"Sometimes, the emotional fallout of CSA may cause relationship problems at work, with friends, with a spouse and/or with his or her family.".
(photo credit: PXHERE)
During the years of my clinical practice, I have treated adults suffering from the consequences of child sexual abuse, or CSA.
People with a CSA history do not necessarily come to therapy looking for help for a CSA problem. Years of repression, disassociation (described in part I), and other psychological defenses and symptoms serve to protect these individuals from re-experiencing terrible memories. Nevertheless, psychological repression only works so far. It is more the rule than the exception that the emotional fallout of CSA comes back to haunt and/or hurt this person. Perhaps the individual suffers from an addiction problem, an eating disorder, a phobia or depression. Sometimes, the emotional fallout of CSA may cause relationship problems at work, with friends, with a spouse and/or with his or her family. Too often, the individual is unaware of how a history of CSA has compromised his or her happiness and psychological functioning.
The primary objective of counseling adult survivors of CSA is to facilitate trauma resolution and foster healing and growth. In the October 1985 issue of American Journal of Orthopsychiatry, David Finkelhor and Angela Brown identify four core trauma outcomes that result from CSA: traumatic sexualization, betrayal, powerlessness, and stigmatization. The authors note that successful treatment needs to identify and help the adult victim work through, and help to resolve the negative impact of the dreadful experience.
Let me briefly try to explain what these terms mean. Traumatic sexualization is the emotional outcome of a child who is used as a sexual object at a time in his or her life that should be a period of protected security and innocence. At some point in treatment, adult CSA individuals convey that these early traumatic experiences have had a profound negative effect on their perception of sexual intimacy.
Betrayal is what children who are sexually abused feel. Their protectors have let them down. This betrayal leads to a loss of trust in people that has a far-reaching impact on their willingness to engage in intimate relationships and succeed.
Powerlessness is the emotional state that one feels when forced to do something that is against their emotional will. In fact, this powerlessness may result in some CSA victims’ psychological identification with the aggressor – the person who perpetuated the sexual abuse against them – and they in turn act abusively to someone else. Thus, they may repeat some of the psychological trauma they went through. This powerful emotional defense against powerlessness is counter-productive and interferes with the individual’s attempts to be in a healthy intimate relationship.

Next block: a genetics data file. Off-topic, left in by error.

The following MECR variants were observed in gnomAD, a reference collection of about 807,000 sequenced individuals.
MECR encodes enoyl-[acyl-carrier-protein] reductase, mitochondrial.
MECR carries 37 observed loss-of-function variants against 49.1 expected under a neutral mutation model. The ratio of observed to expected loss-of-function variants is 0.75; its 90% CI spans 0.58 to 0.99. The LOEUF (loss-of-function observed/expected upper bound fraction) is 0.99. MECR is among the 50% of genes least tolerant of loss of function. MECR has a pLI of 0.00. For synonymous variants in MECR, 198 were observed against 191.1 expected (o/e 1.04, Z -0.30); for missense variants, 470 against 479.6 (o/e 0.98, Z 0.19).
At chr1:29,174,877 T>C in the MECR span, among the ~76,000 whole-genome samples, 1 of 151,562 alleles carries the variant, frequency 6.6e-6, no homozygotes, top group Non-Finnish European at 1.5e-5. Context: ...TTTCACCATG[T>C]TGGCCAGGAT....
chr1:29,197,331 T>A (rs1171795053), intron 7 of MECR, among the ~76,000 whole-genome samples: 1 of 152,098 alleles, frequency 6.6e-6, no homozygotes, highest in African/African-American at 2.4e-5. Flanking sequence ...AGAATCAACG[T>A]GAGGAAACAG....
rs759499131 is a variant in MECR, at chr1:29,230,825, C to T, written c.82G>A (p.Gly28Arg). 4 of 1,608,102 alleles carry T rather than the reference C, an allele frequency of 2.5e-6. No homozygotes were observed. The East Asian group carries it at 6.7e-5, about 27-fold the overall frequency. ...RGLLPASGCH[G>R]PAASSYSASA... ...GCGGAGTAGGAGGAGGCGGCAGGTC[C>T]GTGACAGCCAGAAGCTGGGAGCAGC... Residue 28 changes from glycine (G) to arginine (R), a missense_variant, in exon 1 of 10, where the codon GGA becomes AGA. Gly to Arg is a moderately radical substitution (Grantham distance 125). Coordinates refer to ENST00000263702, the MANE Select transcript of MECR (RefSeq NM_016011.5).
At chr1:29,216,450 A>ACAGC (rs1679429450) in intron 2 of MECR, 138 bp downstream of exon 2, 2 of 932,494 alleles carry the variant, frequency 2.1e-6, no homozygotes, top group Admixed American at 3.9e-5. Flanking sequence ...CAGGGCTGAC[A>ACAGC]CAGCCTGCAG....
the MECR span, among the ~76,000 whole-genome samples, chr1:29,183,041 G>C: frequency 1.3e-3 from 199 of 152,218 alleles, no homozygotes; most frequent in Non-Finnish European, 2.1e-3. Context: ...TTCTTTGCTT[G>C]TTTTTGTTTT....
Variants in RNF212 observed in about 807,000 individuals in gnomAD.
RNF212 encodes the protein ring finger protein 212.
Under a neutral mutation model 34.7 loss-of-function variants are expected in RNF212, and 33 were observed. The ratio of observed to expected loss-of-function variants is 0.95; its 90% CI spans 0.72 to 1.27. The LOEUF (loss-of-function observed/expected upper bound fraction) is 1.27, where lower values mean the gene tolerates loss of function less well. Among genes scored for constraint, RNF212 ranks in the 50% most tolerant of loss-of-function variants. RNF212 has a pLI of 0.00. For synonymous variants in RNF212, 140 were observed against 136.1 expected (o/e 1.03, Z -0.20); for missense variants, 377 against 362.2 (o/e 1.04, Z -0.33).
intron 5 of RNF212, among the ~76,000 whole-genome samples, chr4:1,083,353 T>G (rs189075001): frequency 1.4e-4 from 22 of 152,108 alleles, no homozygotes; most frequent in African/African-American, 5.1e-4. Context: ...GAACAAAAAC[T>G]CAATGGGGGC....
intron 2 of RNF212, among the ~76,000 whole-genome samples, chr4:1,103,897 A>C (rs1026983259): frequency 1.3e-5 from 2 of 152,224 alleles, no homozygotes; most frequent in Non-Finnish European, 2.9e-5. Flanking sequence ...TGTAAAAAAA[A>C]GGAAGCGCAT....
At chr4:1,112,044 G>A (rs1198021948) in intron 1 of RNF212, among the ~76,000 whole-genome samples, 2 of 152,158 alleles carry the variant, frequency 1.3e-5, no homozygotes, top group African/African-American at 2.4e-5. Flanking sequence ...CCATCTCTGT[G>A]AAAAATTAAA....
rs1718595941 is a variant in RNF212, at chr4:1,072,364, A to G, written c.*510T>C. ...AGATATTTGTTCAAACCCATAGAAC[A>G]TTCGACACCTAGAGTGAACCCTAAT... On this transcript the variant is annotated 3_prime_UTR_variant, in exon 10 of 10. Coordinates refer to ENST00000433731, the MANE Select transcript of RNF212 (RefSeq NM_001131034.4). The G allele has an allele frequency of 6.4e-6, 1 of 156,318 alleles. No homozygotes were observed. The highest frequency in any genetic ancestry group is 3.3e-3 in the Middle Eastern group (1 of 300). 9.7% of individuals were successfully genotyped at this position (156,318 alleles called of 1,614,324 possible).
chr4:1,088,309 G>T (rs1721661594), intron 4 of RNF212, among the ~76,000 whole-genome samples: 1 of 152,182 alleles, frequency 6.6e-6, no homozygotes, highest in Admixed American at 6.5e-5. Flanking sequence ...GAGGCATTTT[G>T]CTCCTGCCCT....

Last, stigmatization is the feeling of being perceived, real or imagined, as damaged goods, bad and guilty.
FOR A therapist to be effective, good rapport with the client is essential in getting the individual to open up and talk about their victimization. The client has to learn to trust the therapist, and this trust becomes the first step toward the healing process. However, trusting people is not an easy task for a CSA individual who subconsciously fears that talking about their experiences will trigger terrible memories and a feeling of re-victimization. Nevertheless, major progress in the treatment process begins when the client starts to tell his or her painful story.
It is critical that the therapist demonstrate the utmost empathy and attunement. Most CSA clients benefit enormously by telling their story, often telling it for the first time in their life. Telling the story may take many sessions as the individual reveals and describes what ultimately can trigger flashbacks and considerable pain. Many of my CSA clients have told me that they never cried about what happened to them as children. Nevertheless, the release of pain and tears is a central part of the healing process.
There is so much self-blame among adult survivors of CSA. I utilize cognitive therapy techniques to help these individuals get a realistic understanding that they are not to blame or the guilty party. Instead, they were used as sexual objects and are the victims. Both expressing anger and shedding tears is encouraged. The literature clearly states that part of the clinical work with trauma victims is experiencing and releasing many of the feelings associated with the trauma that typically have remained unexpressed and repressed. It is important to help the CSA individual to explore the total range of his or her feelings toward the abuser(s), and in some instances, the non-protective parents, siblings or caretakers.
There are enormous challenges that a CSA victim needs to face in his or her therapeutic journey in order to recover from child sexual abuse. However, there is tremendous hope for these individuals when they face and work through their painful experiences in the safety of a solid therapeutic environment. In Part III, I will write about prevention strategies.
The writer is a marital, child and adult cognitive-behavioral psychotherapist with offices in Jerusalem and Ra’anana.
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